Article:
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Most Canadians think our health-care system is a national treasure and much superior to the American system, where poor people often don’t get the treatments they need and costs can be catastrophic.
Instead of focusing on how Canada’s health-care system compares to America’s, we should be looking at European systems that offer better health outcomes and cost effectiveness.
We have modern hospitals, competent doctors and nurses, and once you’re in the system, the care given is usually first class.
However, if you’re on one of the many long medical wait lists, our system fails. You can wait a year or more to see some specialists. And, if you wait well over a year for a hip or knee replacement – or for life-saving heart or cancer treatment – our system is far from first class.
Long wait lists alone relegate Canada’s medical system to second tier status. Even Cubans don’t wait as long as Canadians for certain essential medical services.
Increasingly, desperate Canadians travel to other countries (United States, Mexico, India) and pay big bucks to get procedures done that they can’t get at home within a reasonable time. Some go to patient-pay private clinics in other provinces.
Nearly 400,000 Canadians (including companions) travel outside Canada for health services every year, spending almost $2 million day. Even politicians jump on a jet and head south for treatment.
Older Canadians who can’t afford to travel bear the brunt of these unconscionable waiting lists. They endure months of pain and some live in terror that the pacemaker, valve replacement or new joint they need won’t be provided before they die.
The provinces should fix the problem but they generally lack the revenue to provide proper services in reasonable time. Instead, they resort to what can only be described as cruel waiting lists to ration services and control budgets.
So why do the provinces lack the funds to provide timely medical services?
At Confederation, powers were divided between the federal and provincial governments.
The federal government had the most expensive obligations: military, control of national borders, Indigenous relations. As such, it received the main revenue sources. That revenue was greatly augmented when income tax was introduced in 1917, at first as a temporary measure to pay for First World War debts.
Health care was left for the provinces to administer.
In those early decades, health care was much more primitive and much less expensive than today. Religious orders were active in health care, and funding for their hospitals was augmented by fees and donations.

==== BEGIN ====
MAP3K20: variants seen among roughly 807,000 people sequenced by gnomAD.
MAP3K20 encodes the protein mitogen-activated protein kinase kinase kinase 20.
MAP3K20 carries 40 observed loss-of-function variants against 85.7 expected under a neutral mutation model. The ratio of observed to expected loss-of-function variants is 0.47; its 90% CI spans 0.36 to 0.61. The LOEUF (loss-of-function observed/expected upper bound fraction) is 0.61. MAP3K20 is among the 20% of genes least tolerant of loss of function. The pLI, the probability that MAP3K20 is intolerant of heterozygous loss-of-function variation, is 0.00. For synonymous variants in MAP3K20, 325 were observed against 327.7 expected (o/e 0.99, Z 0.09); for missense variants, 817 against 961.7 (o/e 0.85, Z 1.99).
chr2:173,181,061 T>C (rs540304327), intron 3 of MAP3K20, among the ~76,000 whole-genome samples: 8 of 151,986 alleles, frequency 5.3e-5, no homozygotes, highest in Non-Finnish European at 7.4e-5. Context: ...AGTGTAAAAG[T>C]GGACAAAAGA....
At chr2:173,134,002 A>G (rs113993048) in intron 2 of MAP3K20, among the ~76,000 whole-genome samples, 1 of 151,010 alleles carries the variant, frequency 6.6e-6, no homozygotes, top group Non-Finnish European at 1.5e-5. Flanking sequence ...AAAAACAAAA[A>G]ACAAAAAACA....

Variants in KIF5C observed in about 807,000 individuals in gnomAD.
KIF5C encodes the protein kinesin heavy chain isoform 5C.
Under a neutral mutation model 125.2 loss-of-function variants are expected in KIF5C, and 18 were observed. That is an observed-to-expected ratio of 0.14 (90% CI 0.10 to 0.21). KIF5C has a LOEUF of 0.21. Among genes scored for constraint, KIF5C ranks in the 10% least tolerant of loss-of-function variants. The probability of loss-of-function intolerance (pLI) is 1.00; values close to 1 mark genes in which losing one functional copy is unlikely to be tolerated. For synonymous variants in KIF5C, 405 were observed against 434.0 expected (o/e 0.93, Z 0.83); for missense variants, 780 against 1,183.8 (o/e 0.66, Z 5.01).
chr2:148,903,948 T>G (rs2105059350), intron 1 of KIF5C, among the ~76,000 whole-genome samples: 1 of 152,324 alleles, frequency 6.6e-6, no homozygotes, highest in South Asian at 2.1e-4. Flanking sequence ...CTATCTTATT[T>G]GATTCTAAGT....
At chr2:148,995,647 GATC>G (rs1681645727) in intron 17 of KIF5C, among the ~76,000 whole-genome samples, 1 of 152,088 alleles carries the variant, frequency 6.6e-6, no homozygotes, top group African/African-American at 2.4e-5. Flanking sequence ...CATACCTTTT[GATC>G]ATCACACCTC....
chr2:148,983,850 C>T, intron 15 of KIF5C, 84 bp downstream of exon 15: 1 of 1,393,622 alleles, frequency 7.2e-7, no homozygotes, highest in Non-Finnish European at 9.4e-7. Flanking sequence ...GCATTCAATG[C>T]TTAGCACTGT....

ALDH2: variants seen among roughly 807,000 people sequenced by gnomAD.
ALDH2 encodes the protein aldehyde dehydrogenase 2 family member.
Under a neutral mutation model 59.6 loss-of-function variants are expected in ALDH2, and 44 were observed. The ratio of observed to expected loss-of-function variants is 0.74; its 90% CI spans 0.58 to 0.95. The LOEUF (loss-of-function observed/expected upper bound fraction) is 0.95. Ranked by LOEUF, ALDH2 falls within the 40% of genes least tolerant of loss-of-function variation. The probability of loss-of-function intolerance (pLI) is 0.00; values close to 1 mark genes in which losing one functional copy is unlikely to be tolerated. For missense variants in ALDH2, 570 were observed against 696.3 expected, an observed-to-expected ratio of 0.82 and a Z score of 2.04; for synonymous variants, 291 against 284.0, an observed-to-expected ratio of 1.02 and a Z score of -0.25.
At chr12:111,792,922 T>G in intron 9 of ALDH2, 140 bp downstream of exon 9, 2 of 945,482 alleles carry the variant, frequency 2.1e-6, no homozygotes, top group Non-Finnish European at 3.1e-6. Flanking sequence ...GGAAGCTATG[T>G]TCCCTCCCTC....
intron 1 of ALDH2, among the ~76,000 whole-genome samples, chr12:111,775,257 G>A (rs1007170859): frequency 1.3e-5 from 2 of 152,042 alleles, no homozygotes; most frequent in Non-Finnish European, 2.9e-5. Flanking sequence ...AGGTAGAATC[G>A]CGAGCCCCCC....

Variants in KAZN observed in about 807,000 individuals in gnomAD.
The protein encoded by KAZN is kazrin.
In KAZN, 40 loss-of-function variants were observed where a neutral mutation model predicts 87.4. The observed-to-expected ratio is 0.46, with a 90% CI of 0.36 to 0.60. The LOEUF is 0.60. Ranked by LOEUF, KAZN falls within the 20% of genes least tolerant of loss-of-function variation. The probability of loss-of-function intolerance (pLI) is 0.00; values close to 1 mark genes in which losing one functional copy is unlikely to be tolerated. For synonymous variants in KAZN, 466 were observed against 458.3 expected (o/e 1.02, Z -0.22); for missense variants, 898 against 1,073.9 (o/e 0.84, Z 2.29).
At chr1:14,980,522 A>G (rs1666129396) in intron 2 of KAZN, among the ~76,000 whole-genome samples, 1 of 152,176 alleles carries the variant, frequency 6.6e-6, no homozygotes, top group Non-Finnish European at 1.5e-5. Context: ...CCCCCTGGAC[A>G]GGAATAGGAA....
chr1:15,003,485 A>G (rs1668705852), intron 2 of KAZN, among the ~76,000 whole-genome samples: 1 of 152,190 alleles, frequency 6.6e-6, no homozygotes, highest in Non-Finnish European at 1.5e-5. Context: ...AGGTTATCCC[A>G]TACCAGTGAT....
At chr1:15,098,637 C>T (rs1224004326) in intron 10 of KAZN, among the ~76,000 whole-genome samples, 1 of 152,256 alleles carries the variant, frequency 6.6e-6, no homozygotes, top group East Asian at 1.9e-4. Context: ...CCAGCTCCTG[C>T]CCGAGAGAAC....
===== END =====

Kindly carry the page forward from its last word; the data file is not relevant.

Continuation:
In addition, people didn’t live as long as we now do. Most people died before needing hip replacements and the steadily expanding list of other procedures that now improve quality of life for seniors.
Medicare is now almost 60 years old. Provinces administer and pay for all hospital and physician services, in part using funds transferred from the federal government.
Costs have increased dramatically as health-care technology improved over the decades.
But the revenue sharing arrangement has not changed, leaving the federal government with a vastly superior ability to extract tax revenue than the provinces.
That means the provinces continually fail to keep pace with health-care needs and costs. As soon as they shorten one wait list, the demand for new procedures creates another.
The federal government could provide the funding to eliminate the disgraceful waiting lists. But no such initiative has taken place.
As a result, Canadians who have faithfully paid their taxes all their lives must sit and wait for care.
If Ottawa can’t step up health transfer payments, it should cede tax points to the provinces.
France, Holland and the Scandinavian countries, among others, have better health outcomes while combining public funding with user fees and premiums. Canadian politicians should acknowledge our system’s failures and begin honest discussions about bringing in some of the proven European practices.
We waste energy focusing on how the flawed American health-care model compares with our model, which has its own flaws. Instead of fixating on such an irrelevant comparison, we should focus on superior European models.
It’s time to introduce reforms to properly fund health care and end unacceptable waiting lists. This will first require an honest look at our failed system.
Brian Giesbrecht is a retired judge and a senior fellow with the Frontier Centre for Public Policy.
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